Earlier this month, more than 300 public safety stakeholders from the private, nonprofit, and academic sectors participated in the Second Annual White House Safety Datapalooza. The event showcased innovators who have utilized freely available government data to build products, services, and apps aimed at empowering Americans with information to make smarter, safer choices— from the vehicles we drive to patterns of crime in our neighborhoods to the products we buy and the food we eat.
At the event, top officials from across the Administration discussed how Federal agencies are working to tap into the power of open data to advance public safety in creative and powerful ways. Announcements and new commitments from the public and private sector included:
- The U.S. Department of State’s Bureau of Consular Affairs highlighted a new Application Programming Interface (API) that allows developers to integrate Travel Warning and Travel Alert datasets into websites and mobile applications, including tourism guides and online travel websites, so that U.S. citizens have information about international travel risks—such as health alerts, ongoing crime and violence, or frequent terrorist attacks.
- The White House, the Federal Emergency Management Agency, and the Department of Energy launched standardized hashtags (#PowerLineDown #NoFuel and #GotFuel ) to enable citizens to report important emergency information, such as downed power lines or whether a gas station has fuel, across social media platforms during a disaster. The Weather Channel has committed to publicizing these hashtags to its 100 million+ web visitors and TV viewers. Geofeedia, a social media monitoring service, committed to offering a free version of their service to first responders, disaster survivors, utility companies, and Federal, state, and local governments.
- The Food and Drug Administration announced openFDA, a new initiative that will provide easy access to FDA datasets that support the agency’s regulatory mission, help educate the public, and save lives.
- The Federal Emergency Management Agency Presidential Innovation Fellow and The National Geospatial-Intelligence Agency highlighted the development of “GeoQ”, a tool that crowdsources geo-tagged photos of disaster-affected areas to assess damage over large regions.
- TaskRabbit, a company which includes a network of over 20,000 vetted workers across the country, announced it will provide a dedicated portal for crisis-recovery efforts that can serve as an interface for relief organizations to request help during a disaster and connect with high-skilled workers that are willing to volunteer their time.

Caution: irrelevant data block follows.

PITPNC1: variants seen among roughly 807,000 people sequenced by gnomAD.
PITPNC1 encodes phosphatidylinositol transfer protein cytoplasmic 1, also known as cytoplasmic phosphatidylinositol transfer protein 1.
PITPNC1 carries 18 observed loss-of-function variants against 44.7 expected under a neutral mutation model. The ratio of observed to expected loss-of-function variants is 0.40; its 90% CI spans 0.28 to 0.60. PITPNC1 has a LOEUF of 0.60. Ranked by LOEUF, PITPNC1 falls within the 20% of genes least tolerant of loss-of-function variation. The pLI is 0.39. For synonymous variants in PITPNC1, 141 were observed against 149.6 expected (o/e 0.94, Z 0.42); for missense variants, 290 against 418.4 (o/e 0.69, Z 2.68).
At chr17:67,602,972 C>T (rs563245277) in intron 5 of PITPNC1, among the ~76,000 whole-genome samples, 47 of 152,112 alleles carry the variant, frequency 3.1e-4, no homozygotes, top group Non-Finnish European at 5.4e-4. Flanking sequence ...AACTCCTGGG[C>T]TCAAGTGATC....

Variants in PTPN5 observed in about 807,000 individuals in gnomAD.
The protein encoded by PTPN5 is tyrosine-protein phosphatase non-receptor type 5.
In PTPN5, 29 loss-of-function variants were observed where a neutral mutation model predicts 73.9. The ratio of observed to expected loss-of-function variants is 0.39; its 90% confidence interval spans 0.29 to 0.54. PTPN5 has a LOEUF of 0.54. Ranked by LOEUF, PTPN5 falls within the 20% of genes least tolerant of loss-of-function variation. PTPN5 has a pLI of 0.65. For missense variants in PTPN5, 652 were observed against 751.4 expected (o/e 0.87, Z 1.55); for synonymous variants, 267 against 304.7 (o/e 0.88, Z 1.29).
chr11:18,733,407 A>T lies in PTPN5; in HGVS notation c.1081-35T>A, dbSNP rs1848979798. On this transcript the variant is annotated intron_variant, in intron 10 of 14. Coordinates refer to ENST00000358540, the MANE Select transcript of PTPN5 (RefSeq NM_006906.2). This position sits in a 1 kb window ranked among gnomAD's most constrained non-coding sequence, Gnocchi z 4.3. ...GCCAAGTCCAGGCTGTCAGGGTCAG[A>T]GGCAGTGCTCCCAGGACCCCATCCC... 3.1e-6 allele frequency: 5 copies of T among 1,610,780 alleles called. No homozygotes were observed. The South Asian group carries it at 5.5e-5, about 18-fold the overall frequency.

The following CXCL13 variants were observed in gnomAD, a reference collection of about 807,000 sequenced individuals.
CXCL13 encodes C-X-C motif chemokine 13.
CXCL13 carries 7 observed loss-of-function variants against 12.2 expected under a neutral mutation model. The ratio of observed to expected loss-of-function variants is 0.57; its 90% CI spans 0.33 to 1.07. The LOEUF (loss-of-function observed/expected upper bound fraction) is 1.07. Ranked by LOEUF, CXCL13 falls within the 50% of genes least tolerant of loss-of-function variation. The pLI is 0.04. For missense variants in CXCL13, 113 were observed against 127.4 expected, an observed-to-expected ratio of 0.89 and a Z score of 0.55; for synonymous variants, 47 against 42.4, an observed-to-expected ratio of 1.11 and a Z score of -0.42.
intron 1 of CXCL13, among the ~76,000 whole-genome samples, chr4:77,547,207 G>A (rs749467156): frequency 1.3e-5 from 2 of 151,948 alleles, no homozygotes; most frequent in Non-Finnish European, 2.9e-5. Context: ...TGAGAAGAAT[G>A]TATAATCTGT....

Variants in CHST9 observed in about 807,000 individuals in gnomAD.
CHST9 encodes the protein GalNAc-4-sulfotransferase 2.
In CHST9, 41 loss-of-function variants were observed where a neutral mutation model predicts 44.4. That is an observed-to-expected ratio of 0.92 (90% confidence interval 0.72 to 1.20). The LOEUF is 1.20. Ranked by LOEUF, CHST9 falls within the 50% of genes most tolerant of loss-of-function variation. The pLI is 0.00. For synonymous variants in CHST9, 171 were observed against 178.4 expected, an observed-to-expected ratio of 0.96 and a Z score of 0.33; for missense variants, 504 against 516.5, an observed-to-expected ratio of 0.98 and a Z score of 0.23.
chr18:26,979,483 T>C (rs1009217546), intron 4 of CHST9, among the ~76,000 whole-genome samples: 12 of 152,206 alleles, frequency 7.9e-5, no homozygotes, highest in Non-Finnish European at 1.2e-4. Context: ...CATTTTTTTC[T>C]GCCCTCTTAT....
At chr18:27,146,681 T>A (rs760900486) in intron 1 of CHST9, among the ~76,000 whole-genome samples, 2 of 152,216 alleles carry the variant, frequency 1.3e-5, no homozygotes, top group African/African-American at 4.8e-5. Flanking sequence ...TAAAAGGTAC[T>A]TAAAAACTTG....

- The U.S. Department of Energy Presidential Innovation Fellow previewed “Lantern”, a mobile app that provides helpful information and assistance during a disaster. The mobile app is designed to provide consumers timely disaster preparedness tips and recommendations, allow consumers to report and access information on power outages and fallen power lines, and help users find fuel and report the status of gas stations.
- The National Institute of Justice highlighted its Ultra High-Speed Apps Challenge to promote the development, use, and evaluation of criminal justice software applications that are compatible with ultra-high-speed networks to help support criminal justice and public safety practitioners in emergency situations.
- The Consumer Product Safety Commission announced a “Safer Products App Challenge”, calling on innovators to create applications and tools that help raise awareness of consumer product recalls and of the more than 17,000 consumer product reports submitted through SaferProducts.gov.
You can view all the announcements HERE.
Building on this momentum, in the afternoon, agencies hosted a series of “Safety Datajams” aimed at encouraging participants to build out the public safety tools of tomorrow. Participants brainstormed ideas for building next-generation ultra-high speed apps for law enforcement officers; leveraging USDA data to protect against salmonella illness; developing innovative ways to improve disaster response and recovery; protecting against hearing loss in the workplace; and increasing awareness of recalled consumer products. We are excited to see how these datajams materialize into impactful projects. Our sincere thanks to all of the participants!
Congratulations to every entrepreneur, developer, researcher, and public servant who presented their incredible innovations at the Second Annual White House Safety Datapalooza. We look forward to collaborating further with the safety data community and can’t wait to see what new products, services, and tools get created!
Brian Forde is Senior Advisor to the U.S. Chief Technology Officer
Francisco Reinoso is the Director of IT Strategy at the U.S. Department of Transportation
(originally posted at whitehouse.gov)